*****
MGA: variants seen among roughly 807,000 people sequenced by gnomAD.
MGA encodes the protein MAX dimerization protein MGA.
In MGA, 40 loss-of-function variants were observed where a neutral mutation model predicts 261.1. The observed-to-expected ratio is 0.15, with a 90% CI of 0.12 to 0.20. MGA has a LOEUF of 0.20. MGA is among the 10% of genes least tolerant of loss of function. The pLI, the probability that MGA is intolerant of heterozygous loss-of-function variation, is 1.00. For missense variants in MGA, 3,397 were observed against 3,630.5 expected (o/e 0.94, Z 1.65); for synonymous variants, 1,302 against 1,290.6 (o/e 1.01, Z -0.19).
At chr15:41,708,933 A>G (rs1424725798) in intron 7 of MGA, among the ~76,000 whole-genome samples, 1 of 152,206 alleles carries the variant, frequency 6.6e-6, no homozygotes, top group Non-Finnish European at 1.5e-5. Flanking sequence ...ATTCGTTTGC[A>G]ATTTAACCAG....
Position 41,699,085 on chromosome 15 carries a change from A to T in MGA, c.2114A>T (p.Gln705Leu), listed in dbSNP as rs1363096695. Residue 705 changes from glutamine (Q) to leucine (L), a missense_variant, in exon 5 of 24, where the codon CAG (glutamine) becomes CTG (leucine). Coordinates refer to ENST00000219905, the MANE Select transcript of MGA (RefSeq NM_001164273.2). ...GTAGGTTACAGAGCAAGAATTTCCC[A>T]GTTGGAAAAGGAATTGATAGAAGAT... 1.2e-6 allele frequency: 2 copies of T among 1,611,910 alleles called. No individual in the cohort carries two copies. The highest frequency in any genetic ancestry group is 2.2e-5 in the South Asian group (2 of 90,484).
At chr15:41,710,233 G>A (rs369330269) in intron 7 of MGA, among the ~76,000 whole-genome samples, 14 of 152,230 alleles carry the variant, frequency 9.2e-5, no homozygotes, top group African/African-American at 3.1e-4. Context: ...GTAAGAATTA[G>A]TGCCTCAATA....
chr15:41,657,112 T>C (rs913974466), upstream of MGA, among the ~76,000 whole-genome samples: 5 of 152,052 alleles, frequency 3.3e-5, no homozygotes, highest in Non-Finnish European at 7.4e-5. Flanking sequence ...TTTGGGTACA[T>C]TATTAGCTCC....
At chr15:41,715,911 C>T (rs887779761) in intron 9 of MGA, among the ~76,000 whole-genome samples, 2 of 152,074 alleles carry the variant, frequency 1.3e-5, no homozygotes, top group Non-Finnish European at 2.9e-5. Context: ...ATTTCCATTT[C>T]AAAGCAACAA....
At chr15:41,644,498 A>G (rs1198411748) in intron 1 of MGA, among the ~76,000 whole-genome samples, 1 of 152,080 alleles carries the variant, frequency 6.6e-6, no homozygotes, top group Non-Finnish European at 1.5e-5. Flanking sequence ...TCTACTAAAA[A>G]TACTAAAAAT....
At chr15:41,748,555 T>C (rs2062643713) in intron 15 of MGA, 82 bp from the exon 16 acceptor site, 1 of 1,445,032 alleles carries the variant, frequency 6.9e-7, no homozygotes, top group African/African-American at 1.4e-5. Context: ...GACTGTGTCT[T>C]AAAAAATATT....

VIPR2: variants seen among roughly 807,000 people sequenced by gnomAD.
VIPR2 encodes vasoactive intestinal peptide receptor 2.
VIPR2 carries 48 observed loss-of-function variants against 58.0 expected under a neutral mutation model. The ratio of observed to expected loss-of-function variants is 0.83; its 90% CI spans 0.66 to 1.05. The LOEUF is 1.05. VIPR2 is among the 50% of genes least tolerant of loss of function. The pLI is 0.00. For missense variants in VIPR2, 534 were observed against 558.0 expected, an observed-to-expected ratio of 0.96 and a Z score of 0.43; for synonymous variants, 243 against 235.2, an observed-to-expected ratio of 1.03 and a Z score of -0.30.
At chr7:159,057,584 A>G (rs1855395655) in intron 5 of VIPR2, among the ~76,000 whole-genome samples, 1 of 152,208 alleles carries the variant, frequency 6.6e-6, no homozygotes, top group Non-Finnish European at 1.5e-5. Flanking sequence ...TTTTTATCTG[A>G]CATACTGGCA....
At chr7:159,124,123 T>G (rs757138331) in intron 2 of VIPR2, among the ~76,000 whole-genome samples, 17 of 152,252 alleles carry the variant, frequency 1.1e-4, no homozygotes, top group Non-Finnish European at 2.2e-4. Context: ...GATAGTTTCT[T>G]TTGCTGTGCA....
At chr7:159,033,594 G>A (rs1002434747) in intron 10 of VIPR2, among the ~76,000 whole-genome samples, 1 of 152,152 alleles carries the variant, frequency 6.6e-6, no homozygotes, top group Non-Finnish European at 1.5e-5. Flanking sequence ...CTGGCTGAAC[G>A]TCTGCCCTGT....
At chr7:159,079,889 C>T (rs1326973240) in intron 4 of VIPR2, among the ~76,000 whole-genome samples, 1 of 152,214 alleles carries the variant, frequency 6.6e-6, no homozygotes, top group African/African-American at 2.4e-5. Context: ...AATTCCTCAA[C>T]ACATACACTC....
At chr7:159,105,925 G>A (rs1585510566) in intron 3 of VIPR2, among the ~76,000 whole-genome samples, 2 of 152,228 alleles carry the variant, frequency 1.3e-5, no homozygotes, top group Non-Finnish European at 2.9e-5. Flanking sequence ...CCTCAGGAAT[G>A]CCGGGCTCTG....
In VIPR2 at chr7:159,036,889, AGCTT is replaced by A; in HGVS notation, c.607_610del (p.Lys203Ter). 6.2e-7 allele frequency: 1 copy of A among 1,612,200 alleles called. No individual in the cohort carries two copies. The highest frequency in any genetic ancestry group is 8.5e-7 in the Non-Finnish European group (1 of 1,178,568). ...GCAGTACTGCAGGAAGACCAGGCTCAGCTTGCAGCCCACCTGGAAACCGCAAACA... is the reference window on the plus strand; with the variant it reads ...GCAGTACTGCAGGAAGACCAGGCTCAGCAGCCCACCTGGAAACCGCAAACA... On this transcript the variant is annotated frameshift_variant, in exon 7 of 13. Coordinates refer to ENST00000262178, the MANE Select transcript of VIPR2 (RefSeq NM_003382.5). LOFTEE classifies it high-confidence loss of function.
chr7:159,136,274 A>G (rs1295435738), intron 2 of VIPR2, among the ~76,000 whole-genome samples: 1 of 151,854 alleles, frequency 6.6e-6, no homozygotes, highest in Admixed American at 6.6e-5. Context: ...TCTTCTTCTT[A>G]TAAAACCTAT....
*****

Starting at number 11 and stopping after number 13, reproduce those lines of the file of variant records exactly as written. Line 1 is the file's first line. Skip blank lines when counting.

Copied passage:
VIPR2: variants seen among roughly 807,000 people sequenced by gnomAD.
VIPR2 encodes vasoactive intestinal peptide receptor 2.
VIPR2 carries 48 observed loss-of-function variants against 58.0 expected under a neutral mutation model. The ratio of observed to expected loss-of-function variants is 0.83; its 90% CI spans 0.66 to 1.05. The LOEUF is 1.05. VIPR2 is among the 50% of genes least tolerant of loss of function. The pLI is 0.00. For missense variants in VIPR2, 534 were observed against 558.0 expected, an observed-to-expected ratio of 0.96 and a Z score of 0.43; for synonymous variants, 243 against 235.2, an observed-to-expected ratio of 1.03 and a Z score of -0.30.